Although Labours plans to democratise the House of Lords and empower local democracy are much better than sticking to the status quo, I would have liked to see them go further by pledging to replace the outdated and woefully unrepresentative Westminster voting system with a more modern proportional system


I would also have liked to see Labour address England's constitutional deficit. If Scotland, Wales, Northern Ireland and London all get their own proportionally elected parliaments, why should the English regions be left unrepresented?

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Having noted these minor and major disagreements, I still think it's still by far the best Labour Manifesto I've ever seen. It's an incredible achievement that the party got over the divisions of last summer and put together a really good manifesto like this.

Of course absolutely everything in it isn't going to be to my, or to your, or to anyone's tastes, but so much of it is good and extremely popular stuff that a few blips don't really matter in the grand scheme of things.


The fully-costed


The Labour Party manifesto has been fully-costed. Every single spending commitment has an allocated funding source. They claim it's the most comprehensively costed manifesto ever, and I can't remember seeing a better one.

Right-wing political propaganda is incredibly pernicious, so even though the Labour manifesto is fully-costed and the Tories are making false and uncosted spending pledges all over the shop, we're going to hear a lot of right-wing headbangers ranting on about "magic money trees" and the like for the next three weeks.

The answers to these people are simple:

1. Ask them for details on how Philip Hammond is going to find the money to plug the £2 billion black hole in his first budget that was caused by his U-turn on the National Insurance hike for self-employed people. If they can't explain it (which they won't be able to), then ask them why they think it's appropriate for the Tories to rely on harvesting "the magic money tree".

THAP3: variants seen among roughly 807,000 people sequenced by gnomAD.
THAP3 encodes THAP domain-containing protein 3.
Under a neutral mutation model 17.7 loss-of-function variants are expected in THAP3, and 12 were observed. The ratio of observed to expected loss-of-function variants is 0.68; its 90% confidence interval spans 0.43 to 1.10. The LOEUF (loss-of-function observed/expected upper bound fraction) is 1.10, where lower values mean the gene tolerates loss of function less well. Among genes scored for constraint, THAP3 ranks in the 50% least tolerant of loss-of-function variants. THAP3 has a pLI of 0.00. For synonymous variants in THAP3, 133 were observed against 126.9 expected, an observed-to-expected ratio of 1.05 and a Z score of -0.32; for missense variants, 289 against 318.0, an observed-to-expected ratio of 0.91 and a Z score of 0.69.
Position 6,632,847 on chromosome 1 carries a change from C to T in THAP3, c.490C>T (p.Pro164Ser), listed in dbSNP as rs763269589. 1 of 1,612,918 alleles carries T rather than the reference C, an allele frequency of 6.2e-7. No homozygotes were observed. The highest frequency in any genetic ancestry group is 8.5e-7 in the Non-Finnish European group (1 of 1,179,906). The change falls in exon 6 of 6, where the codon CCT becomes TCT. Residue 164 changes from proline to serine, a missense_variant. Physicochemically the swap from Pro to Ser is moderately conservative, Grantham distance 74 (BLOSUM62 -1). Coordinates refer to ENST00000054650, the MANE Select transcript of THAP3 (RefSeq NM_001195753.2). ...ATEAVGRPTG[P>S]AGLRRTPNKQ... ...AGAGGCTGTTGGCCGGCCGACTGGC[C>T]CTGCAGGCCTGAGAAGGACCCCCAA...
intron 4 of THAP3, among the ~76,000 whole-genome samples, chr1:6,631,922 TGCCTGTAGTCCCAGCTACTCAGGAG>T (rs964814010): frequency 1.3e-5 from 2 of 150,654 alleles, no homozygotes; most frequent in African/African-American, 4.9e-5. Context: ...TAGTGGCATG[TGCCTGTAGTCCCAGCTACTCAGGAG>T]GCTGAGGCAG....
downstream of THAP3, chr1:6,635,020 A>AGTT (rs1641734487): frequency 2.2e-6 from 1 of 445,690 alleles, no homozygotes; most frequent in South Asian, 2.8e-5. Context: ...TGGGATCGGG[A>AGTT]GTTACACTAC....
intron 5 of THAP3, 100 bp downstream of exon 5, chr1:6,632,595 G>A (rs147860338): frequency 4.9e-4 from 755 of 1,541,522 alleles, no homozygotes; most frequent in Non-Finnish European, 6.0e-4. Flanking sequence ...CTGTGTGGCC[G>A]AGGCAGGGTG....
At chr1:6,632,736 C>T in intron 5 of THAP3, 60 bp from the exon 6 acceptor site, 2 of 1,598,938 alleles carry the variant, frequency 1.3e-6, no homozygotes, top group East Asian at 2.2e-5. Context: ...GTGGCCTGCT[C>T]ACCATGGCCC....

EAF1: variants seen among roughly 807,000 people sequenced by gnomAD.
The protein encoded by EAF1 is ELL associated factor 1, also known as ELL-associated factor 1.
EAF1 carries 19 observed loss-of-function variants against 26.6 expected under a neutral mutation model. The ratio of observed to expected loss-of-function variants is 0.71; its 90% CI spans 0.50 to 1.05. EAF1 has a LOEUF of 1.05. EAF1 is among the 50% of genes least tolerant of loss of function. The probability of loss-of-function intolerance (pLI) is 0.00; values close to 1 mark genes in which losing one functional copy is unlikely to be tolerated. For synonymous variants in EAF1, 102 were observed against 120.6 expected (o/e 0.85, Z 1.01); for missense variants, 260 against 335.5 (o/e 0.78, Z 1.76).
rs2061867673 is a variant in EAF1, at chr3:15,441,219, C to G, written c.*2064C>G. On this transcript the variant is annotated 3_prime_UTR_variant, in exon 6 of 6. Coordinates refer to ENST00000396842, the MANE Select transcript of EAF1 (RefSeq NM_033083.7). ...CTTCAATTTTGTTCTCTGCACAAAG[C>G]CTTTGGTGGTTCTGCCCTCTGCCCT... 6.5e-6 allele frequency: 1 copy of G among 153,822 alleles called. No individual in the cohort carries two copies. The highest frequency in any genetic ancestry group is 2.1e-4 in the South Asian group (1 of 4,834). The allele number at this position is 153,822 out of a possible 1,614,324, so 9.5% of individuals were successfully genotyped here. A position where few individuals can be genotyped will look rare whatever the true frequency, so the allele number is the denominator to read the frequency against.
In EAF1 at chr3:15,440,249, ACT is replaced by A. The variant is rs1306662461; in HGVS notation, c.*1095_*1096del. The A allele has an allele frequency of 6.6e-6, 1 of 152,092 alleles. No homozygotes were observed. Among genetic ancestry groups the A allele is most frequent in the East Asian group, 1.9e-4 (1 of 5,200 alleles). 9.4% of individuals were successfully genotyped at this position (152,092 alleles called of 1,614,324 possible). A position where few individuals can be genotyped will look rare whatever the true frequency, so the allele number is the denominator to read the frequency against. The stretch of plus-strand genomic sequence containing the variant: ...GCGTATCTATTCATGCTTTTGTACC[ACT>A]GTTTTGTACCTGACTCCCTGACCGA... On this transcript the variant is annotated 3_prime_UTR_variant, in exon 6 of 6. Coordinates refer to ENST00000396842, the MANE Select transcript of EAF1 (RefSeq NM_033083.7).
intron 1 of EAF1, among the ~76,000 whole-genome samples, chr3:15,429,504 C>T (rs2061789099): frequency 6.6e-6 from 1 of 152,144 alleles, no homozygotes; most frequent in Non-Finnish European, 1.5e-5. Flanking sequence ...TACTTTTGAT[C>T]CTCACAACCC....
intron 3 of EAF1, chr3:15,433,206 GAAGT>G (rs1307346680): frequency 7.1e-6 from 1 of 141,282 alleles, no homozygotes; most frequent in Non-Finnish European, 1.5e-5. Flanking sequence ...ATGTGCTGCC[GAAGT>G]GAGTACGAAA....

2. Ask them whether they can show you the comprehensive and fully-costed plan for Brexit, or whether the cost of doing that is going to be funded by harvesting "the magic money tree".
3. Ask them if they know where private banks get their money from, and explain to them that the banks simply create it out of nothing and then rent it out to the rest of us in interest bearing loans. Ask them to explain how the private banks creating 97% of the money supply in this manner is less of an example of harvesting "the magic money tree" than a Labour pledge to fund free NHS hospital parking by increasing tax on private health insurance, or a Labour pledge to provide free school meals for all primary school children by ending the tax break on private school tuition fees. 
What we can do

The right-wing media have desperately tried to smear the Labour manifesto as a load of nonsense in order to discourage people from reading it and thinking about it for themselves. They know that there is a lot of common sense stuff in there to appeal to ordinary people and they really, desperately don't want people making up their own minds instead of just mindlessly doing what they're told.

Read it for yourself - As I said in the intro to this review, don't just take my word for it. Don't just take anyone else's word for it. Read through it for yourself and think about it for yourself. Don't let other people tell you what to think about it.

Share it -
Make sure other people see it. Print it off and give a copy to your grandparents, your parents, your friends, if you think it would help.

Talk about it - Don't just give people a copy or send them a link. Ask them to actually read it and then engage them in discussion about it. Ask them which policies they like and which they don't like. If you're talking to your grandparents ask them whether they like the guarantee to keep the triple lock on their pension and their pledge to properly fund social care and the NHS, and ask them which bits of the Labour manifesto they think would be beneficial to you and your generation too.

Register to vote - If you're not registered to vote you won't be able to vote in favour of (or against) the Labour Manifesto. Check that you are registered to vote here. If you're a student check where your vote would be most effectively used here.

Encourage others to register - If every Labour Party member encouraged just two people to register to vote in the next week, that would increase the number of voters by a million!